Last week’s HBCU Fly-In saw the leaders of Historically Black Colleges and Universities meet with White House representatives in an attempt to develop a prosperous relationship for both parties.  While the White House touted a win for both sides, HBCU presidents that attended the meeting reported different results.  Presidents John L. Wilson of Morehouse College and Dr. Walter M. Kimbrough of Dillard University expressed their dissatisfaction with the event in online statements relaying a belief that bigger results were expected.  These bigger results were based on previous comments made by President Trump stating that he would do more for HBCU’s than any President before him.

Whether President Trump truly wishes to help HBCUs remains to be seen, but a larger issue should be addressed as we move forward.  The larger issue is the executive order signed by President Trump moving HBCU issues from the Department of Education to the White House.  While this shouldn’t be a big deal, there may be cause for concern when considering the firing of a HUD employee only a few weeks ago.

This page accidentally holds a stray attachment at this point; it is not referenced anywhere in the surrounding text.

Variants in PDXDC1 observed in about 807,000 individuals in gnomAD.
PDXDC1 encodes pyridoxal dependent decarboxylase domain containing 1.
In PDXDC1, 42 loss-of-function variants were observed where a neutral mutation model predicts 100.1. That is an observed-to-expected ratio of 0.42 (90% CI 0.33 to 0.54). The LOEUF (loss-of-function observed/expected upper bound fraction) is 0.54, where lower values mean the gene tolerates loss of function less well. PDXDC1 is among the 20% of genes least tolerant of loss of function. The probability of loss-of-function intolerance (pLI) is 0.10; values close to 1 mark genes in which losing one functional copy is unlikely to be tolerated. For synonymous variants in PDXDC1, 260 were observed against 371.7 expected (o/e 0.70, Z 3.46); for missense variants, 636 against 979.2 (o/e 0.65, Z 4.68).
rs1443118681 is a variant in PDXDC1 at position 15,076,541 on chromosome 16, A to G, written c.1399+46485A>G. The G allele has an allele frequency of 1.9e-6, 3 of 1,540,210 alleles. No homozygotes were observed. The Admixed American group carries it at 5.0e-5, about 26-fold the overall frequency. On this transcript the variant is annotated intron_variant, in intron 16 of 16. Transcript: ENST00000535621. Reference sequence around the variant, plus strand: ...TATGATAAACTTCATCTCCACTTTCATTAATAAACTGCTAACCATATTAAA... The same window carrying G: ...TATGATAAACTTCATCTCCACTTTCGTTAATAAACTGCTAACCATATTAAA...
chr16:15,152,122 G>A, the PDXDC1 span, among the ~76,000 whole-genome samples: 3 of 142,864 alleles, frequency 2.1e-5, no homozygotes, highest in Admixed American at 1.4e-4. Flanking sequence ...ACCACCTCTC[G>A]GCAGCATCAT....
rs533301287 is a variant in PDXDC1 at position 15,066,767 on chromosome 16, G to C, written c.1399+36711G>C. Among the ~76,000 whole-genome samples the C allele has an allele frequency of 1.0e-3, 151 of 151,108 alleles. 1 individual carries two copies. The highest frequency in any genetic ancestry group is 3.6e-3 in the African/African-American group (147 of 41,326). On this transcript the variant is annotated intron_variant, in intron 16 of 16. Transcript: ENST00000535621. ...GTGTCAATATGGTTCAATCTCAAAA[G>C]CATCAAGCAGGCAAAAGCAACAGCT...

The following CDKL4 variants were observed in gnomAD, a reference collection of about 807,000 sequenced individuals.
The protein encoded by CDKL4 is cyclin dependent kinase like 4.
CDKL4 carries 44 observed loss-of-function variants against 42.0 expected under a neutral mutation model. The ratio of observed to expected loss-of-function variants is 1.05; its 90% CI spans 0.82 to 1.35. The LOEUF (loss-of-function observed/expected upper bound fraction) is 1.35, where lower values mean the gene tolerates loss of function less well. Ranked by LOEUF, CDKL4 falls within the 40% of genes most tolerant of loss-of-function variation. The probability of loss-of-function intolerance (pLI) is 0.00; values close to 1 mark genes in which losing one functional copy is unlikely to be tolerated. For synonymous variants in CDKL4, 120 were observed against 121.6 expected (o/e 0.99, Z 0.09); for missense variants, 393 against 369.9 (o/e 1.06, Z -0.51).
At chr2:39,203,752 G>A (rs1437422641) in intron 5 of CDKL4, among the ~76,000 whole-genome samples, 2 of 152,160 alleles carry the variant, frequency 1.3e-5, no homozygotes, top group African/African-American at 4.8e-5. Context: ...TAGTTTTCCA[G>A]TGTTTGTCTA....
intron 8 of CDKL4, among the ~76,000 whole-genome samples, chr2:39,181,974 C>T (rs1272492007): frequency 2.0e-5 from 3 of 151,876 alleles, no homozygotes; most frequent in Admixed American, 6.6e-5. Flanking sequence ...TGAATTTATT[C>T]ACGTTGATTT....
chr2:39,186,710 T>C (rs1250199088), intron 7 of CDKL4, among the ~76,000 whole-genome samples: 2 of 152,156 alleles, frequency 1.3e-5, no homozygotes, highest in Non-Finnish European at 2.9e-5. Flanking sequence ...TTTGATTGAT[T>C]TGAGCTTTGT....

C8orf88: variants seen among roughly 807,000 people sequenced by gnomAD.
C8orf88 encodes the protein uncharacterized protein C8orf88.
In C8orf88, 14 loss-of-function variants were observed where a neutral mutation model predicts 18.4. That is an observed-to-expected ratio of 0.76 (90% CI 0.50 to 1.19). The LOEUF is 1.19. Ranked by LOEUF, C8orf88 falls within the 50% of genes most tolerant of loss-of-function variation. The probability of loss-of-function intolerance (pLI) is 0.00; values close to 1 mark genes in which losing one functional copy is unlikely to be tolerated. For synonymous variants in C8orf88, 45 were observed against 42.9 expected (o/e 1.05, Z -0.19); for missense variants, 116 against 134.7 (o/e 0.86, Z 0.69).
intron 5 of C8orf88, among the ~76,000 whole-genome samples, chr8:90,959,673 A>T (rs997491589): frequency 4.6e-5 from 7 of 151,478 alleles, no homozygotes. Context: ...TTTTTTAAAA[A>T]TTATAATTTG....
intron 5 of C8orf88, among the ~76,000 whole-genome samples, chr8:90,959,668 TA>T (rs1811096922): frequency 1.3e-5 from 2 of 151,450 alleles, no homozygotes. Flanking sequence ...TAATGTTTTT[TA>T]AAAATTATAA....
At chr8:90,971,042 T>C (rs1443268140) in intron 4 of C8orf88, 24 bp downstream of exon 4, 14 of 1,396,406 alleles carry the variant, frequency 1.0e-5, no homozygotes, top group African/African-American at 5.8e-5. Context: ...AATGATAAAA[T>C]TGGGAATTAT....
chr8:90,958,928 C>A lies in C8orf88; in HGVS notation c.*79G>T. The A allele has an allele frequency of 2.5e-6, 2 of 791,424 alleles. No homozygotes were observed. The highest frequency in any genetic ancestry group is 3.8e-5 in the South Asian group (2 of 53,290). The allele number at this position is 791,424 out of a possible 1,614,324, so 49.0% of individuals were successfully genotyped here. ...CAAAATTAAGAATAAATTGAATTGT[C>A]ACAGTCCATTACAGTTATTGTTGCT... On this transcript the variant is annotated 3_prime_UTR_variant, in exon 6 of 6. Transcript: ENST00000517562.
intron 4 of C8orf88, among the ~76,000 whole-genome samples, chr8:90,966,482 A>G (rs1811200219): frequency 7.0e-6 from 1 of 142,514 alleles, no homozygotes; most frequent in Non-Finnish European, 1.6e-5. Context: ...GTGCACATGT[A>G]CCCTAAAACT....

In October, the Hill released an op-ed from Mr. Singleton that criticized then candidate Donald Trump. The op-ed was no more than a subjective opinion of what was taking place within the Republican Party under the Trump campaign.  According to Singleton “We allowed that hostile takeover to happen on our watch. This individual recognized a moment of great disparity in the Republican base and, like cancer, attacked and spread, consuming everything in his path.” On February 15th, Singleton was fired for his remarks in the October op-ed.

With President Trump reacting unfavorably to negative opinions concerning his administration, one must ask what his response will be if HBCUs follow suit.  Is Singleton’s firing a warning to HBCUs who seek to receive federal funding?  If an HBCU President decides to critique the Trump administration will they be punished with a decrease in funding?

It’s hard to tell which side the Trump administration will fall on in this, but one thing is now a fact:  President Trump now has the power to decide the future of HBCUs in America.  While everyone seems to be looking at the positives, I am looking at the short history of the Trump administration and the long history of Donald Trump himself.  HBCU Presidents must now proceed with caution, otherwise they may be heading down a path of ruin.

-Ray Hayes

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